PLAN 67: Article
Robert Robinson Taylor

The Nation’s First Black Architect

Robert Robinson Taylor, the first professionally-educated black architect in the US (MIT Class of 1892), was born in Wilmington NC in 1868. He went to Boston in 1888 to study at MIT, receiving his degree in 1892. During that period, he met Booker T. Washington, the prominent black educator and race leader from Tuskegee, Alabama, who had founded Tuskegee Institute in 1881. Started as a teacher training school, it became within a couple of decades one of the best-known African-American schools in the nation.

Taylor arrived at Tuskegee in 1892 and with the exception of a brief period from 1899-1902, his entire career was spent there. He served as instructor in architectural drawing and as architect to the institution and eventually as the director of "mechanical industries" (sometimes referred to simply as "industries" or as "industrial training") until his retirement in the mid-1930s. He built several buildings on campus and elsewhere and was noted as a strong promoter of other African-American architects.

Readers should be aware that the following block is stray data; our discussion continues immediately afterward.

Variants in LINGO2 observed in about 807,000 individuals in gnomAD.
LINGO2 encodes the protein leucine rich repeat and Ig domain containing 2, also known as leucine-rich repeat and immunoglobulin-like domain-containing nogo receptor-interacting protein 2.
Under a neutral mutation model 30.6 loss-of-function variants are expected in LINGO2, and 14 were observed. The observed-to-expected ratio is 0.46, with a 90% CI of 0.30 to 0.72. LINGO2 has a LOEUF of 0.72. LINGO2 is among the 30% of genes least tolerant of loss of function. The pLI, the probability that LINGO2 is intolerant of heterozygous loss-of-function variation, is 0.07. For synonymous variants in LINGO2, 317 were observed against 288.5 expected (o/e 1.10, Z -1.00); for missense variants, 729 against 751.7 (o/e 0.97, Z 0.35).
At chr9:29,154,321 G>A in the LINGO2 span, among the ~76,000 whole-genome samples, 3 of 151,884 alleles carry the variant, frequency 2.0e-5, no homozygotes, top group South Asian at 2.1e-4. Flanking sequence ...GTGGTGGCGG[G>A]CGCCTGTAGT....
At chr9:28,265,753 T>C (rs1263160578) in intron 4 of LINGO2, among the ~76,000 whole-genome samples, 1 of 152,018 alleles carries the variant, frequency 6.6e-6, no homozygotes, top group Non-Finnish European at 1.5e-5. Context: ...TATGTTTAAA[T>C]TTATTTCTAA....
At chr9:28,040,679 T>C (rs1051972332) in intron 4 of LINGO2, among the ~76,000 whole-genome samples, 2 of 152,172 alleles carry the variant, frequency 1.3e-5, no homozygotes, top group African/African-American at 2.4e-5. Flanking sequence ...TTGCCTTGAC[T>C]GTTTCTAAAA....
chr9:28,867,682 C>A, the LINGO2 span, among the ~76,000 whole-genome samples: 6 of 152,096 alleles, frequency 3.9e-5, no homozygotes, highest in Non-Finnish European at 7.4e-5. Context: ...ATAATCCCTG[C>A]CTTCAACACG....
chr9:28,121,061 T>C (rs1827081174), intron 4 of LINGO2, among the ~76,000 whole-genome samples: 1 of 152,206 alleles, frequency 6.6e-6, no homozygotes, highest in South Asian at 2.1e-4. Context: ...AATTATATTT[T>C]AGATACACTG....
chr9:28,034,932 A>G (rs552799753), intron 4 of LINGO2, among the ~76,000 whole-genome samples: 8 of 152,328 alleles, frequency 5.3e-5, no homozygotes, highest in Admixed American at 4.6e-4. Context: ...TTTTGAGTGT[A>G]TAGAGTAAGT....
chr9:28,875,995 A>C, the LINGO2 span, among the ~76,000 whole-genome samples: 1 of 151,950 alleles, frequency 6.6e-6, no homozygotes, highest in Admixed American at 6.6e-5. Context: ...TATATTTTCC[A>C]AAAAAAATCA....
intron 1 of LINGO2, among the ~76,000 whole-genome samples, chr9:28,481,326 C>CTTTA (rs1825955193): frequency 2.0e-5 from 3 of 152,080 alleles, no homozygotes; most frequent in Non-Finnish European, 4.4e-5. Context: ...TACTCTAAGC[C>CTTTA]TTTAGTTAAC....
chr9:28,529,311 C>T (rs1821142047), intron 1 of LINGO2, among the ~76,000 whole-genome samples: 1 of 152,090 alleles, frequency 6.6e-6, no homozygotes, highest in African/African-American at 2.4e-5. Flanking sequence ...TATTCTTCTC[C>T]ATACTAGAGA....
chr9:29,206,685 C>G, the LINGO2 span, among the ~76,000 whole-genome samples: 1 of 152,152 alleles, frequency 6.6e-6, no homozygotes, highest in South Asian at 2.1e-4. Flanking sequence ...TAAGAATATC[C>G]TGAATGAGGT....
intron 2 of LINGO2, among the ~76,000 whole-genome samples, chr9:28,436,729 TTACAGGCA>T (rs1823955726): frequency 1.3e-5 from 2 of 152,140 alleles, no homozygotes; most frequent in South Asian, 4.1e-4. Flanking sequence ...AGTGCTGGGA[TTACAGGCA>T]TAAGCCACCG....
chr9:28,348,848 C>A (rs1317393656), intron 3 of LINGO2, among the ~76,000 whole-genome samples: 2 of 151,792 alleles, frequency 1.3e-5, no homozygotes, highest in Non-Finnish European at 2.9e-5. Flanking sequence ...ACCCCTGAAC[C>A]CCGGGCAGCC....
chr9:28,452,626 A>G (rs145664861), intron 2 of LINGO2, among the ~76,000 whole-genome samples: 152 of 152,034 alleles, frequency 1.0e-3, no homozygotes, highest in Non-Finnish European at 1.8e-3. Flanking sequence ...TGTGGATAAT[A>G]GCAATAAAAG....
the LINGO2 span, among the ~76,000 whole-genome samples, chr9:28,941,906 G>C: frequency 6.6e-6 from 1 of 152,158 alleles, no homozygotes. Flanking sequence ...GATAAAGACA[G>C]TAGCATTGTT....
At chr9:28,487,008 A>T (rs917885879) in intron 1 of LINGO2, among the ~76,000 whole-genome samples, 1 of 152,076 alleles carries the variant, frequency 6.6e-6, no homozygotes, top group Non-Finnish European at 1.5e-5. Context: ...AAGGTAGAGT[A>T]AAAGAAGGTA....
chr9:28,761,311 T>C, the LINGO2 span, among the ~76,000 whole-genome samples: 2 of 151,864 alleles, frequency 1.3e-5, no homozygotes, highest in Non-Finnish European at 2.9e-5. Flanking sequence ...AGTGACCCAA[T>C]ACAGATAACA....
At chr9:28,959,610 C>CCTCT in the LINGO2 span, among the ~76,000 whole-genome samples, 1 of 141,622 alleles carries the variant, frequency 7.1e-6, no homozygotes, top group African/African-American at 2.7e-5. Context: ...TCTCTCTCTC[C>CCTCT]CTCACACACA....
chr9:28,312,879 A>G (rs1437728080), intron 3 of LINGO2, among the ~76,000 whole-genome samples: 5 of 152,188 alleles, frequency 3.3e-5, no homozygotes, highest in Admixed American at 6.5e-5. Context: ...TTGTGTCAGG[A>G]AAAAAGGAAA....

In 1994, a Robert R. Talyor Professorship was created by MIT to honor the life and work of Taylor. The first holder of the position is Marcus Aurelius Thompson, an internationally acclaimed violist and chamber music player. Trained at the Juilliard School of Music, he made his New York solo recital debut in 1968 at Carnegie Recital Hall. In addition to his active performance schedule, Professor Thompson has made important teaching and administration contributions to MIT's Music Section.

(This piece is based in part on an article by Clarence G. Williams. See also: Ellen Weiss, ‘Robert R. Taylor of Tuskegee: An Early Black American Architect’, ARRIS: Journal of the Southeast Chapter of the Society of Architectural Historians, 2 (1991): 3-19.)

Posted May 2007